Understanding the evolution of the sedges might well be a benefit when dealing with them. Spraying poisons is not the answer to control. The link attached might be of some use, although there are those that do not wish to believe the researchers from any University.

Here is a link that might be useful: About sedges

    Bookmark   April 20, 2012 at 7:35AM
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Hello kimmsr

When they come up with a real cure for a disease, I subscribe to its use. Until a cure is found, 'treatment' is the only option. I'd love it if you or anybody else had an environmentally friendly solution to such things as nutsedge. By all means, tell me how to eradicate it from an adjacent yard! I will become your humble disciple.

But if you have no cure for this plague, I will do what is lawful and effective. My instict is to pour gallons of gasoline on the dirt, as nothing could survive that. But good taste and a wish to minimize the consequences restrains me from doing so.

As recent AIDS research reveals, a cocktail of partially useful chemicals can be effective where individual chemicals cannot. I shall not use a cocktail per se, but will apply several weed killers a week apart to choke the living snot out of this nutsedge nuisance.

But now is your big chance to save the environment from me. Tell me a gentle approach to eliminating the nutsedge from the neighbor's yard. Time is of the essence, as that property will face foreclosure by the new year. I need the nutsedge gone and to put in a good St. Augustine Grass lawn, which I will do at my own expense.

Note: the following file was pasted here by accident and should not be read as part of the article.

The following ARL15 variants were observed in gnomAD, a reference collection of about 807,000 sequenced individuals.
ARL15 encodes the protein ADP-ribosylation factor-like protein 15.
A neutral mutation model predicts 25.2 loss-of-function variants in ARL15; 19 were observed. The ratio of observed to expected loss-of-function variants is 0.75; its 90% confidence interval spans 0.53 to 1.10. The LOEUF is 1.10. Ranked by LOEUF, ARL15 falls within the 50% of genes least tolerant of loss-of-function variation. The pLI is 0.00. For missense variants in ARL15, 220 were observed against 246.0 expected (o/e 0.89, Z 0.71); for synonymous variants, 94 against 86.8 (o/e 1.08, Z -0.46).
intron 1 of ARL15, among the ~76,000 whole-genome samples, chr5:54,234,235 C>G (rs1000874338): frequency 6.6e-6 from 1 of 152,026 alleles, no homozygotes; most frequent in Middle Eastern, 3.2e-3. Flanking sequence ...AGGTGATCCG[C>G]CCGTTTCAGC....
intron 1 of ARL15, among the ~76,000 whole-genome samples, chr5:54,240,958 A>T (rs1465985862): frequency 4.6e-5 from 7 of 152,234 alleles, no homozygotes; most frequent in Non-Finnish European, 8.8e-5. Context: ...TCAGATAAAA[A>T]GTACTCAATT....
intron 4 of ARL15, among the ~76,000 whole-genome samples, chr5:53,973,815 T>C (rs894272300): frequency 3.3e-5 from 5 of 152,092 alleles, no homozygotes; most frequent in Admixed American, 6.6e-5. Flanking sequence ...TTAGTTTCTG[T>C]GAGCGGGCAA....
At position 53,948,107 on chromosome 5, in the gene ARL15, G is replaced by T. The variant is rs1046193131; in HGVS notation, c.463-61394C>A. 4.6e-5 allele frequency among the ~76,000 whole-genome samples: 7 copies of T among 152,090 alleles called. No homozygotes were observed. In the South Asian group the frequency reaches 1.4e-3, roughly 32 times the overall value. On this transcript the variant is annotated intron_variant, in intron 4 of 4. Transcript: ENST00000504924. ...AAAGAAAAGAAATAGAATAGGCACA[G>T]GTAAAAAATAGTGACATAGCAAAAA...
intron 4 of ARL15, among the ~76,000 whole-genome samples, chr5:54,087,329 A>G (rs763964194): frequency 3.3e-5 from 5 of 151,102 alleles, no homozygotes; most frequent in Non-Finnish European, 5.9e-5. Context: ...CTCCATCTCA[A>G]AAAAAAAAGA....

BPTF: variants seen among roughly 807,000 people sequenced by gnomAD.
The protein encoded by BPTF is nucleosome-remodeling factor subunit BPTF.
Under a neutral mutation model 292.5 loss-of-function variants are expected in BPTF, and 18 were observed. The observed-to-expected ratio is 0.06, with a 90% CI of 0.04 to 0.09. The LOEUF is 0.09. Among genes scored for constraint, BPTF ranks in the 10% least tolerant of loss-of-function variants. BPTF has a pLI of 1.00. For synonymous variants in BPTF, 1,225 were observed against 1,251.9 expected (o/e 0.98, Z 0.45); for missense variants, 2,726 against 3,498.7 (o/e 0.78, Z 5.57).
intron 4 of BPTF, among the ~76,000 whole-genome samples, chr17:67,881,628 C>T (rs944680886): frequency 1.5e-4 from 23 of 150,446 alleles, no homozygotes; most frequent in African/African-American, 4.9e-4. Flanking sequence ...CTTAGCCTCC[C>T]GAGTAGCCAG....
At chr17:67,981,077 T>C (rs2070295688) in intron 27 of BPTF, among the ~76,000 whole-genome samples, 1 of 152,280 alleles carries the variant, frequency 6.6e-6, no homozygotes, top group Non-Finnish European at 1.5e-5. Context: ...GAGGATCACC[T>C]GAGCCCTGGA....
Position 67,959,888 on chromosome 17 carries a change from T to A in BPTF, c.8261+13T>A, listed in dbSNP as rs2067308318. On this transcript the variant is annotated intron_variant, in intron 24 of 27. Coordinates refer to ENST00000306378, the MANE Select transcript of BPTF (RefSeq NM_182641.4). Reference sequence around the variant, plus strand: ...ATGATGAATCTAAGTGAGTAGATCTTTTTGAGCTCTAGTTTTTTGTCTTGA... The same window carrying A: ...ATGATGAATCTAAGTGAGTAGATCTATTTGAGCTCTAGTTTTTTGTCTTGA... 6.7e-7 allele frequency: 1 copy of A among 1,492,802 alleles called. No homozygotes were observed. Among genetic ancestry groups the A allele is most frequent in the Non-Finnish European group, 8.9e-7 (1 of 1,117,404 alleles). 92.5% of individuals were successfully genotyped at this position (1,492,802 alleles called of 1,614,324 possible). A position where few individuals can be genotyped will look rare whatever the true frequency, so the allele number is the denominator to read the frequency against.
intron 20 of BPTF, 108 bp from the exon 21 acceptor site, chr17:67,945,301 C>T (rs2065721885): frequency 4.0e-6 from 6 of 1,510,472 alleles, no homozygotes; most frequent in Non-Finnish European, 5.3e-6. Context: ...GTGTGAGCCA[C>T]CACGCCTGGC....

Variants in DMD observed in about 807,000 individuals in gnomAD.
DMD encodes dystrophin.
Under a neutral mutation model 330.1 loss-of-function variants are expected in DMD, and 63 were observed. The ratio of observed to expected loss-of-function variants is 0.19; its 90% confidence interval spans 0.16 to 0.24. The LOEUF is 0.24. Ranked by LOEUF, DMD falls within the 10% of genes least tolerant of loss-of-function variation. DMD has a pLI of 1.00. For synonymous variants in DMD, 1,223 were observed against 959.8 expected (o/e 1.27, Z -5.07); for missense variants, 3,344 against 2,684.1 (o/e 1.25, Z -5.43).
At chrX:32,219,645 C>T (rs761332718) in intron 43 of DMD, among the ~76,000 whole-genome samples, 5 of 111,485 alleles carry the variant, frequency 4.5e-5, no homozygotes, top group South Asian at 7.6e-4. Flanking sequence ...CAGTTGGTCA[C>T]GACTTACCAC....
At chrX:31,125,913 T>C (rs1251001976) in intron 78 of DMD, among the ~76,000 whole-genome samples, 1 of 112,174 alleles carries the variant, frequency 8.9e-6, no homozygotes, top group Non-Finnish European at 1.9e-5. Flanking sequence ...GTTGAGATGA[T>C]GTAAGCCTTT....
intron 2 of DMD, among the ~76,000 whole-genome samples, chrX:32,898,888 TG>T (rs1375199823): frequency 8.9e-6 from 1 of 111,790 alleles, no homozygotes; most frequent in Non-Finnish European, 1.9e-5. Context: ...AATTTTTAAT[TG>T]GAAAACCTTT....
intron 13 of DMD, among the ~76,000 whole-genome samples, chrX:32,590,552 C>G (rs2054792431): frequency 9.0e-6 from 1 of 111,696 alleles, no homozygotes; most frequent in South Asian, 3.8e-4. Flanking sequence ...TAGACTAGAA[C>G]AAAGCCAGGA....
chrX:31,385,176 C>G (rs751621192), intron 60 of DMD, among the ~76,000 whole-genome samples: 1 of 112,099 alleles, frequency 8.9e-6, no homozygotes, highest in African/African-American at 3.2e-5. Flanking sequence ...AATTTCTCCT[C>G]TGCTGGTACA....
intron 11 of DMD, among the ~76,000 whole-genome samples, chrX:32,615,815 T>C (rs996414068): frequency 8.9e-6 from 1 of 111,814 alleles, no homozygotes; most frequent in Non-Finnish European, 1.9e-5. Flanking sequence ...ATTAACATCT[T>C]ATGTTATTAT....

You can save the planet right now! But hurry, for a quick fix is critical.

    Bookmark   April 20, 2012 at 11:19AM
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Hello again kimmser:

I just finished reading the UCDavis article about nutsedge. It is about two common varieties as found in California. Florida has additional varieties. Using Sedgehammer did seem to kill off two varieties in the past, but all that did was to remove competition from the more aggressive surviving species, making a royal mess of things.

The article clearly states that nothing can be done to effectively eradicate my neighbor's well established 'nutsedge farm' for situational reasons. The article explains how prevention is the best policy, yet the yard in question is truly plagued with old, well established plants. It suggests using black plastic and mulch, which is not a reasonable approach for a house going into foreclosure. UCDavis's article does however include the use of those evil herbicides. Herbicides? Okay. If I cannot trust your own artcle, who can I trust?

I'll just kick back and await your own prescription for my problem. But one thing is for sure: I am not going to spend a muggy Florida summer hand digging another guy's yard.

So, what else?

    Bookmark   April 20, 2012 at 1:07PM
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Sedges evolved in boggy areas, wet lands, and so commonly grow in soils that are mostly wet, ie. irrigated lawns.
If you were to contact the people at your county office of the University of Florida Cooperative Extension Service they would, more than likely, tell you the same thing that is on that University of California web site. talk with those peole at your UF CES office because they have, fairly readily available, lots of good information about a;most anything you could want to know.